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Local

Morrison woman bequeaths $116,550 to county

Former quarter horse hobbyist owned balloons, bulls, had no survivors

Margaret "Margy" Haines
Margaret "Margy" Haines

MORRISON – Whiteside County meant enough to a Morrison businesswoman and quarter horse aficionado that she left it more than $100,000.

Margaret “Margy” Haines, who owned Balloons Galore and, like her friend Rita Crundwell, was well-known in quarter horse circles, left no instructions on how she wanted the $116,550 spent.

When the check arrived from her estate in April, it was deposited in the general fund, county Administrator Joel Horn said.

There are no specific plans for the windfall, Horn said, and he was not told why Whiteside was its recipient.

“It must mean that she was happy with some service that the county provided,” he said.

Haines, a 1952 Morrison High graduate, was 77 when she died Jan. 16, 2012. She worked for General Electric in Morrison before opening her balloon shop, and showed quarter horses for 25 years, starting in the 1960s, her obituary said.

She funded a reading room at the Quarter Horse Hall of Fame and Museum that is named after her, and was inducted into the Illinois Quarter Horse Association Hall of Fame in 1997, according to an interview she gave The Equine Chronicle in October 2010 at the All American Quarter Horse Congress in Columbus, Ohio, where she came to watch one of Crundwell’s fillies compete.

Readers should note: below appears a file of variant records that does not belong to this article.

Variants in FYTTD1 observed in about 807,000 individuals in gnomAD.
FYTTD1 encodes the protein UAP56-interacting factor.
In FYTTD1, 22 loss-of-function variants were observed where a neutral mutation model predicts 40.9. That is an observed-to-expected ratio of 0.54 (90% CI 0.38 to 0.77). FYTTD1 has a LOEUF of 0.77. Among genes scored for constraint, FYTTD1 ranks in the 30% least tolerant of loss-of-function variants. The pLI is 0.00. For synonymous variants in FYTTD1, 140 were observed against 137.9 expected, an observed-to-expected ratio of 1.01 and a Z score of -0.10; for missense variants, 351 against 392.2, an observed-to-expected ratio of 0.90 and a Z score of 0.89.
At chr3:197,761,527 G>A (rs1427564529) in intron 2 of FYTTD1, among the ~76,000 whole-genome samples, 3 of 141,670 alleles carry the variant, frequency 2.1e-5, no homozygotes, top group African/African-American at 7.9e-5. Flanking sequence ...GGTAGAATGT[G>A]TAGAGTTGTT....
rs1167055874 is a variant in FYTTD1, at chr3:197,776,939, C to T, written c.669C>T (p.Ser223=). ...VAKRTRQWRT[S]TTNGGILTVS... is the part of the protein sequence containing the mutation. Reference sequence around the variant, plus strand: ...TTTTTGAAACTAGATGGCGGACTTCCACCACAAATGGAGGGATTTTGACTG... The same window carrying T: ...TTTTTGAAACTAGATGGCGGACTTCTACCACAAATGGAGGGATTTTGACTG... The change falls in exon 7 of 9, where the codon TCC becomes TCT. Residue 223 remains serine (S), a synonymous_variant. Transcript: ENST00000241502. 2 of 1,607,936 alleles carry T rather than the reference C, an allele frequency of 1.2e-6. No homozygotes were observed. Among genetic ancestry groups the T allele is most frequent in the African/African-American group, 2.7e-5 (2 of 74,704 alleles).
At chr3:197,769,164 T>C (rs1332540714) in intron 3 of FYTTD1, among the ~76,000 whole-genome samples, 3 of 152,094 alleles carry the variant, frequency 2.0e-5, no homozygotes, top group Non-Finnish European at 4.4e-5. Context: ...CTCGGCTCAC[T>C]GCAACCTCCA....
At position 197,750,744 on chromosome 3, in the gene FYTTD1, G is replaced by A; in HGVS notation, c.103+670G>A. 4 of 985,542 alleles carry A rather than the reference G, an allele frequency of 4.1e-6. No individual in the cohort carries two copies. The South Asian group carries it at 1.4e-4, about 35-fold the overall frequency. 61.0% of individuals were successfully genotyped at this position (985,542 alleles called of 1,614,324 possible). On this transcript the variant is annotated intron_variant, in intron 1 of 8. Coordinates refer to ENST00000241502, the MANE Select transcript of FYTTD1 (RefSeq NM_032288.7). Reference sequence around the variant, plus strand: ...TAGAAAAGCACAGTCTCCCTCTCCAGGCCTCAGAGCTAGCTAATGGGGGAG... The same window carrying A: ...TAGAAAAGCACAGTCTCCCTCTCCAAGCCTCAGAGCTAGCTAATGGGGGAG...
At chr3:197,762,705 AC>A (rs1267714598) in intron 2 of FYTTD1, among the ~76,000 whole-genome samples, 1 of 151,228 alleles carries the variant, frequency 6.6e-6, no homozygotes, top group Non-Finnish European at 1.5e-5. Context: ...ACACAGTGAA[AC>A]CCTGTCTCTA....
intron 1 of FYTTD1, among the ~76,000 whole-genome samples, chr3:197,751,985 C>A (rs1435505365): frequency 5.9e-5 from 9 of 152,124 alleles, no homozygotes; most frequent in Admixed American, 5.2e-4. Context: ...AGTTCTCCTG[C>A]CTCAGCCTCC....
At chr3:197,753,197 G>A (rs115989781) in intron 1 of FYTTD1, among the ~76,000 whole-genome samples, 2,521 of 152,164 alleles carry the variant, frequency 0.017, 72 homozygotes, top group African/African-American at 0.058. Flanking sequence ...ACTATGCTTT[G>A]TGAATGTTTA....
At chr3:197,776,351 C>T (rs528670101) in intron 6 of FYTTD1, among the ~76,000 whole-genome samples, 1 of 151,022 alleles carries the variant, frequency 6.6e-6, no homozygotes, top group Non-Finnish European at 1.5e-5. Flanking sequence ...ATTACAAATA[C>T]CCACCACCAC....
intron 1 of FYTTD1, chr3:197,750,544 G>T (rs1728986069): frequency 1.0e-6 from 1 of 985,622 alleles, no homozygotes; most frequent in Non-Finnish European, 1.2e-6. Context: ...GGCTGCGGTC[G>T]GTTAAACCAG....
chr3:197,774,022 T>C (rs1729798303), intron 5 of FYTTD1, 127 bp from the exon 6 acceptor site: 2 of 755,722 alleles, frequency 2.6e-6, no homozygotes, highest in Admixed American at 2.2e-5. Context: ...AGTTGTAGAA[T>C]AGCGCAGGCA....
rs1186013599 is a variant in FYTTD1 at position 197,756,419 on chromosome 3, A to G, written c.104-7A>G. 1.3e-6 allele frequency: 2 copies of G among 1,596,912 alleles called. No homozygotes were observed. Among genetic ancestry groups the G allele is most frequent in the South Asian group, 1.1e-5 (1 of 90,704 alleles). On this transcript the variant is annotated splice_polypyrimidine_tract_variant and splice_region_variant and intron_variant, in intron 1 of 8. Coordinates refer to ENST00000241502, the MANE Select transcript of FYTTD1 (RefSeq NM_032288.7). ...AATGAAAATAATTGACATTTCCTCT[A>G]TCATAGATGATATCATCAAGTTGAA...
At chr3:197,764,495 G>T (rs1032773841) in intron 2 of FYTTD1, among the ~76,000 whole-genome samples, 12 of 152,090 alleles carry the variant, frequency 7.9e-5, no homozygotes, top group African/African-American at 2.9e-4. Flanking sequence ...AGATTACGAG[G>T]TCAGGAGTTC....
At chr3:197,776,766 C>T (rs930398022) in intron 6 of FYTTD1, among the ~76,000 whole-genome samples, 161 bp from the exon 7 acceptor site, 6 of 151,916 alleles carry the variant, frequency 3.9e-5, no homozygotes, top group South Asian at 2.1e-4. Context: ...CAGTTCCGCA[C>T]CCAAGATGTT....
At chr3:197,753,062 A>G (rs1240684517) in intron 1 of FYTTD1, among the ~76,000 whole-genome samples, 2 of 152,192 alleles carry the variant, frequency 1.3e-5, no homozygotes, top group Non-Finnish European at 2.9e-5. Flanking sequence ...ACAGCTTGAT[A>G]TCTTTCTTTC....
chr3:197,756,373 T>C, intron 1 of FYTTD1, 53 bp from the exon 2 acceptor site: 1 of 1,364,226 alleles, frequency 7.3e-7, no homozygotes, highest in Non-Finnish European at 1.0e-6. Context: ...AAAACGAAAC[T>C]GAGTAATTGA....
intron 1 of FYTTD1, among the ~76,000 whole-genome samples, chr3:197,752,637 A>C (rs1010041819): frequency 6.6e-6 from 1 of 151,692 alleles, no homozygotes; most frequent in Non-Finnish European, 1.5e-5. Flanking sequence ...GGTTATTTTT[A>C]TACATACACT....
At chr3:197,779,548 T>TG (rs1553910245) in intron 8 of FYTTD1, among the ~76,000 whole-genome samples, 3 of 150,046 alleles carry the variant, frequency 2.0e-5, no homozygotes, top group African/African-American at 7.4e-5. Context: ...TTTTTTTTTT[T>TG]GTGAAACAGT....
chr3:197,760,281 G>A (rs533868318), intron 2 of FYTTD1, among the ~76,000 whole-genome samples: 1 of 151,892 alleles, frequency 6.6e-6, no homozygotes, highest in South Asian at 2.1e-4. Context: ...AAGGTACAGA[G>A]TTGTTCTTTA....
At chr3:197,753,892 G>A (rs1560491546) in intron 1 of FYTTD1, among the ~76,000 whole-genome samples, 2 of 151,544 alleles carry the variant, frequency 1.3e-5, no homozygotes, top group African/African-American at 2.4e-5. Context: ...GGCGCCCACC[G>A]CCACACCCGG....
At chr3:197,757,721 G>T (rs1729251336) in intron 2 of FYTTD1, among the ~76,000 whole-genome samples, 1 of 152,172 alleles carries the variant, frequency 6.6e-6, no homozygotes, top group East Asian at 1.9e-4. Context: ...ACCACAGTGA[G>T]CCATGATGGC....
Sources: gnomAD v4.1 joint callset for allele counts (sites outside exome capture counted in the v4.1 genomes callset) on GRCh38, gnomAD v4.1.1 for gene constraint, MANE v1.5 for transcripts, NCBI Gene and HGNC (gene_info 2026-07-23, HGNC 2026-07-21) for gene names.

At the time, Haines lived alone with her dog, Jessie, she said. She also owned bucking bulls, and was a partner in a professional bucking bulls business in Ardmore, Okla.

A subsequent Chronicle article on her death noted that she also established a scholarship for equine veterinary students, and was instrumental in getting pleasure driving – in which light horses and ponies are hitched to a show cart – recognized as an AQHA class.

She also was a member of the Morrison Chamber of Commerce Board of Directors at one time, and of the Daughters of the American Revolution.

No survivors were listed in her obituary, and Horn does not know who her relatives are.

“I really don’t know who to send this ‘thank-you’ note to,” he said.

He said he intends to ask the executive committee how it would like to recognize Haines’ gift.

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